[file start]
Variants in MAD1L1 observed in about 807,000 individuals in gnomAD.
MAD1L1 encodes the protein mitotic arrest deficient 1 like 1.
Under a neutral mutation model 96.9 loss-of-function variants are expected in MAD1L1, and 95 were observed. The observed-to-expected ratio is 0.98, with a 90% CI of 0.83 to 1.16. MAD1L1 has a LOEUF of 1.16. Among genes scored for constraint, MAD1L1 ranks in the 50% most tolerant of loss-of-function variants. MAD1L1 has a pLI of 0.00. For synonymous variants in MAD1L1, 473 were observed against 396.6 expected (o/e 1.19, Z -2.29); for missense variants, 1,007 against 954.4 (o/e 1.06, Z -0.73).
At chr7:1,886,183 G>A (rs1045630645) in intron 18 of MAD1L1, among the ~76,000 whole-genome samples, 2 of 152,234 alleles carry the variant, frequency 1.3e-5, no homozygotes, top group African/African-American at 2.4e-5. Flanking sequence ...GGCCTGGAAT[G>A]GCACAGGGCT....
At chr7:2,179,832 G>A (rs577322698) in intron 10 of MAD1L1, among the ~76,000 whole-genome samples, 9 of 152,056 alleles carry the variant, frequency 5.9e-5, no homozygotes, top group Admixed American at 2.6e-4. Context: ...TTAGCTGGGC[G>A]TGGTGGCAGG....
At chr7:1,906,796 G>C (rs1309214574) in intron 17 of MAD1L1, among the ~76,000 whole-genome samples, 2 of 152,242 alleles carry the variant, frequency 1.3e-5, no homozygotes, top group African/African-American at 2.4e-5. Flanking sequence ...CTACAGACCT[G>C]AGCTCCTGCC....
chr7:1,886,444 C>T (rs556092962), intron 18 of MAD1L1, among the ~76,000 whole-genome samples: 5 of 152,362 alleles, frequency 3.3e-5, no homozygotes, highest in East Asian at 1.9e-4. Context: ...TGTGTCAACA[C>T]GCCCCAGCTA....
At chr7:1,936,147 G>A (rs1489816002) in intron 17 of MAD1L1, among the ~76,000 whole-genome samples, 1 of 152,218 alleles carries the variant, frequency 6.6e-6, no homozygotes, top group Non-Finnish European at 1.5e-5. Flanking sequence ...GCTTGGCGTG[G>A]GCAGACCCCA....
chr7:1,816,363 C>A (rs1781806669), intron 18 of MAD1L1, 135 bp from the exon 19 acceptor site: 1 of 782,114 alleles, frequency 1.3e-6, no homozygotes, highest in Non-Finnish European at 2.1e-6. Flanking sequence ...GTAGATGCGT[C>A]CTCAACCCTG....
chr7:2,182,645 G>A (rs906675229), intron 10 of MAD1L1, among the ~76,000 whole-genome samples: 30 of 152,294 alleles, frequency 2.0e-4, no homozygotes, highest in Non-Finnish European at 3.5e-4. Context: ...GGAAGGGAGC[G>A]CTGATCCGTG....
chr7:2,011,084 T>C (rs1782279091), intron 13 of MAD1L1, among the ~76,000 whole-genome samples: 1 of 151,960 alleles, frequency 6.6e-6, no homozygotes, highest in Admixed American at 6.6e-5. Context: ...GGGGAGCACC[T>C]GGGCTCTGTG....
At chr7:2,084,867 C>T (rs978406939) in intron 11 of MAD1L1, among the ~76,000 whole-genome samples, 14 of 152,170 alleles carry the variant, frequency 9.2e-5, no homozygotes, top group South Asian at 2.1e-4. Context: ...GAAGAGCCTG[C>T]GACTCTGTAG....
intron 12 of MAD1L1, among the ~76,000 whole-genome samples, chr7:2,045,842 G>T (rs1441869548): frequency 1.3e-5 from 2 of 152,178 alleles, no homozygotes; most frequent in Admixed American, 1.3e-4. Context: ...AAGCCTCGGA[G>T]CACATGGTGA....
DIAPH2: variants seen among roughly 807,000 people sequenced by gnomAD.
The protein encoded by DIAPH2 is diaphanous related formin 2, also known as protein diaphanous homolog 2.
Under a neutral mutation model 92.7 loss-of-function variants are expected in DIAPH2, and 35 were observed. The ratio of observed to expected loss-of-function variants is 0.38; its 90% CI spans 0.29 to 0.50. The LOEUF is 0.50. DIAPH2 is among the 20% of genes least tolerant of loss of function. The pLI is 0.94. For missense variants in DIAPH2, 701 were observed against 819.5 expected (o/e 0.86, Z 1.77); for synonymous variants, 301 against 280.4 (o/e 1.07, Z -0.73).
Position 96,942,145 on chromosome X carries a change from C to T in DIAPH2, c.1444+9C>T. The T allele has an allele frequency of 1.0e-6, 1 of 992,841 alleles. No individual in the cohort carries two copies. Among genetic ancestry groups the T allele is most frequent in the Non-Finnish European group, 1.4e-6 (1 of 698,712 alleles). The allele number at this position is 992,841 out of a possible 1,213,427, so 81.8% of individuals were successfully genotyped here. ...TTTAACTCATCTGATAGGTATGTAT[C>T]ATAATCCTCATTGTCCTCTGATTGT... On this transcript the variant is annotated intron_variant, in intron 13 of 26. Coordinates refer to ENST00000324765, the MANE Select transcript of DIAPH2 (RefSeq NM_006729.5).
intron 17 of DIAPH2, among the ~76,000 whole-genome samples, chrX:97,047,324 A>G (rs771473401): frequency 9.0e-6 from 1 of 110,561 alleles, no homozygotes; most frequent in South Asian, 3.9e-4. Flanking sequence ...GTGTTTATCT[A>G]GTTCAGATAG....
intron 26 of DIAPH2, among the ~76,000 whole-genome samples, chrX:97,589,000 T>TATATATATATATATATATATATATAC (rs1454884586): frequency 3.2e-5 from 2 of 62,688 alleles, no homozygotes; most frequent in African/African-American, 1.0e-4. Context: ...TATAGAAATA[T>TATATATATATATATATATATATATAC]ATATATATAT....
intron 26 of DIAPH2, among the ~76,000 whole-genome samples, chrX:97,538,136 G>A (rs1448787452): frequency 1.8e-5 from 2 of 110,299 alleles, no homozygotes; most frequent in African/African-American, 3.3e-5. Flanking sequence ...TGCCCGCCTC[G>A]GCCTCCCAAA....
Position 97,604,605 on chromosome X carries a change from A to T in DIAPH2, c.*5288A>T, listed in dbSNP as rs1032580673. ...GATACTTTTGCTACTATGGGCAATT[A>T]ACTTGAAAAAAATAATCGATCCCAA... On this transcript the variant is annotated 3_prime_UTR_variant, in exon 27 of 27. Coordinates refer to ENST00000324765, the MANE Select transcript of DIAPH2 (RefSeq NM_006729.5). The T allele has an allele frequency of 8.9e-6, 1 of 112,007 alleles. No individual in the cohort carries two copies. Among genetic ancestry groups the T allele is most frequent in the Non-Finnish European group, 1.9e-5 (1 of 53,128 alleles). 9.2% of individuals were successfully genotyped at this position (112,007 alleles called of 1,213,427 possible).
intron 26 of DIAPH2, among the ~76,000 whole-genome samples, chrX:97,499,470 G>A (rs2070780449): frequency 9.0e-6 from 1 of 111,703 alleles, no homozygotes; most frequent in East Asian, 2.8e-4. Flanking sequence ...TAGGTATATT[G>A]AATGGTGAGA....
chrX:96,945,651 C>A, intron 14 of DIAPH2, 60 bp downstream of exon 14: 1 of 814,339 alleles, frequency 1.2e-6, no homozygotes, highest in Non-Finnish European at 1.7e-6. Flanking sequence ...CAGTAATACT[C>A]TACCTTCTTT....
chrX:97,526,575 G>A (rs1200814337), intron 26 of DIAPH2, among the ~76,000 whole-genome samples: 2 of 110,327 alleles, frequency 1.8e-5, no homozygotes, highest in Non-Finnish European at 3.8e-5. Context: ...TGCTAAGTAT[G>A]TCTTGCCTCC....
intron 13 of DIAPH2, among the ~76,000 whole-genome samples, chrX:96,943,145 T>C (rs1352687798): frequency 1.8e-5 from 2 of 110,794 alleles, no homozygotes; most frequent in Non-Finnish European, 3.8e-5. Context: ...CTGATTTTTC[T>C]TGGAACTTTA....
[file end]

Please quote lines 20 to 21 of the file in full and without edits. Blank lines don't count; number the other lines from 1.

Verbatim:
intron 26 of DIAPH2, among the ~76,000 whole-genome samples, chrX:97,538,136 G>A (rs1448787452): frequency 1.8e-5 from 2 of 110,299 alleles, no homozygotes; most frequent in African/African-American, 3.3e-5. Flanking sequence ...TGCCCGCCTC[G>A]GCCTCCCAAA....
Position 97,604,605 on chromosome X carries a change from A to T in DIAPH2, c.*5288A>T, listed in dbSNP as rs1032580673. ...GATACTTTTGCTACTATGGGCAATT[A>T]ACTTGAAAAAAATAATCGATCCCAA... On this transcript the variant is annotated 3_prime_UTR_variant, in exon 27 of 27. Coordinates refer to ENST00000324765, the MANE Select transcript of DIAPH2 (RefSeq NM_006729.5). The T allele has an allele frequency of 8.9e-6, 1 of 112,007 alleles. No individual in the cohort carries two copies. Among genetic ancestry groups the T allele is most frequent in the Non-Finnish European group, 1.9e-5 (1 of 53,128 alleles). 9.2% of individuals were successfully genotyped at this position (112,007 alleles called of 1,213,427 possible).